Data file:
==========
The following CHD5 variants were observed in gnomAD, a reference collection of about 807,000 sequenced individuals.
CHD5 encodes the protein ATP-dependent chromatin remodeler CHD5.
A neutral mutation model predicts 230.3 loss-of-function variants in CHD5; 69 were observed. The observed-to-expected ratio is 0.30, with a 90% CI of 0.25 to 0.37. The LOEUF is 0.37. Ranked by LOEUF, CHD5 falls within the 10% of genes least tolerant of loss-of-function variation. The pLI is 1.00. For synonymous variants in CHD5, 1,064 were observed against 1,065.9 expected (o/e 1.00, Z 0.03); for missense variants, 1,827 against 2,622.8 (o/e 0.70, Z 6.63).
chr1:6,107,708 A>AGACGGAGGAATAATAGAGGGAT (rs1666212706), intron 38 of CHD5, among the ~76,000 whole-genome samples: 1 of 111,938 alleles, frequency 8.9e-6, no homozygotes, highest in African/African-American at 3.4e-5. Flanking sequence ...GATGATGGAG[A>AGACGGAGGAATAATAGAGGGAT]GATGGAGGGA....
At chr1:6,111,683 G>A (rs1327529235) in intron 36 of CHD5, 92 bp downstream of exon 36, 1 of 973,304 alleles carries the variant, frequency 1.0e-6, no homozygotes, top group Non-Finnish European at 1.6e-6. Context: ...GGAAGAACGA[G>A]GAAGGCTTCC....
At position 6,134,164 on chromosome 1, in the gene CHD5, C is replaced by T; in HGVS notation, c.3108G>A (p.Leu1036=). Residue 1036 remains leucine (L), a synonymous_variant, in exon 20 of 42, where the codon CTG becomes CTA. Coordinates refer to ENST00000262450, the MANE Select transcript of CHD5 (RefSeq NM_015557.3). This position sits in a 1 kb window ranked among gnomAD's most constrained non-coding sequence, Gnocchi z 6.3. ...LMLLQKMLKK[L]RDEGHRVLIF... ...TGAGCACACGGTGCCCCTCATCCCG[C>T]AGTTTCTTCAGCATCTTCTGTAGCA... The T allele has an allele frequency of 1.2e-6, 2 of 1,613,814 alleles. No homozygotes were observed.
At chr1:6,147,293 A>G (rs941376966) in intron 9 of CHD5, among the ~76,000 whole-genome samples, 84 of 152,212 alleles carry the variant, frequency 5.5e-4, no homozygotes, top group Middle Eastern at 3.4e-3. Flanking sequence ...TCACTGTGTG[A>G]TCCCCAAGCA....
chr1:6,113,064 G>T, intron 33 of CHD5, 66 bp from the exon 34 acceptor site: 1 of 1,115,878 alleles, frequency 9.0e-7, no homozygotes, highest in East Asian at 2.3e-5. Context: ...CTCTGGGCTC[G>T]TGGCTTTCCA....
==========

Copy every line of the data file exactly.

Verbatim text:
The following CHD5 variants were observed in gnomAD, a reference collection of about 807,000 sequenced individuals.
CHD5 encodes the protein ATP-dependent chromatin remodeler CHD5.
A neutral mutation model predicts 230.3 loss-of-function variants in CHD5; 69 were observed. The observed-to-expected ratio is 0.30, with a 90% CI of 0.25 to 0.37. The LOEUF is 0.37. Ranked by LOEUF, CHD5 falls within the 10% of genes least tolerant of loss-of-function variation. The pLI is 1.00. For synonymous variants in CHD5, 1,064 were observed against 1,065.9 expected (o/e 1.00, Z 0.03); for missense variants, 1,827 against 2,622.8 (o/e 0.70, Z 6.63).
chr1:6,107,708 A>AGACGGAGGAATAATAGAGGGAT (rs1666212706), intron 38 of CHD5, among the ~76,000 whole-genome samples: 1 of 111,938 alleles, frequency 8.9e-6, no homozygotes, highest in African/African-American at 3.4e-5. Flanking sequence ...GATGATGGAG[A>AGACGGAGGAATAATAGAGGGAT]GATGGAGGGA....
At chr1:6,111,683 G>A (rs1327529235) in intron 36 of CHD5, 92 bp downstream of exon 36, 1 of 973,304 alleles carries the variant, frequency 1.0e-6, no homozygotes, top group Non-Finnish European at 1.6e-6. Context: ...GGAAGAACGA[G>A]GAAGGCTTCC....
At position 6,134,164 on chromosome 1, in the gene CHD5, C is replaced by T; in HGVS notation, c.3108G>A (p.Leu1036=). Residue 1036 remains leucine (L), a synonymous_variant, in exon 20 of 42, where the codon CTG becomes CTA. Coordinates refer to ENST00000262450, the MANE Select transcript of CHD5 (RefSeq NM_015557.3). This position sits in a 1 kb window ranked among gnomAD's most constrained non-coding sequence, Gnocchi z 6.3. ...LMLLQKMLKK[L]RDEGHRVLIF... ...TGAGCACACGGTGCCCCTCATCCCG[C>T]AGTTTCTTCAGCATCTTCTGTAGCA... The T allele has an allele frequency of 1.2e-6, 2 of 1,613,814 alleles. No homozygotes were observed.
At chr1:6,147,293 A>G (rs941376966) in intron 9 of CHD5, among the ~76,000 whole-genome samples, 84 of 152,212 alleles carry the variant, frequency 5.5e-4, no homozygotes, top group Middle Eastern at 3.4e-3. Flanking sequence ...TCACTGTGTG[A>G]TCCCCAAGCA....
chr1:6,113,064 G>T, intron 33 of CHD5, 66 bp from the exon 34 acceptor site: 1 of 1,115,878 alleles, frequency 9.0e-7, no homozygotes, highest in East Asian at 2.3e-5. Context: ...CTCTGGGCTC[G>T]TGGCTTTCCA....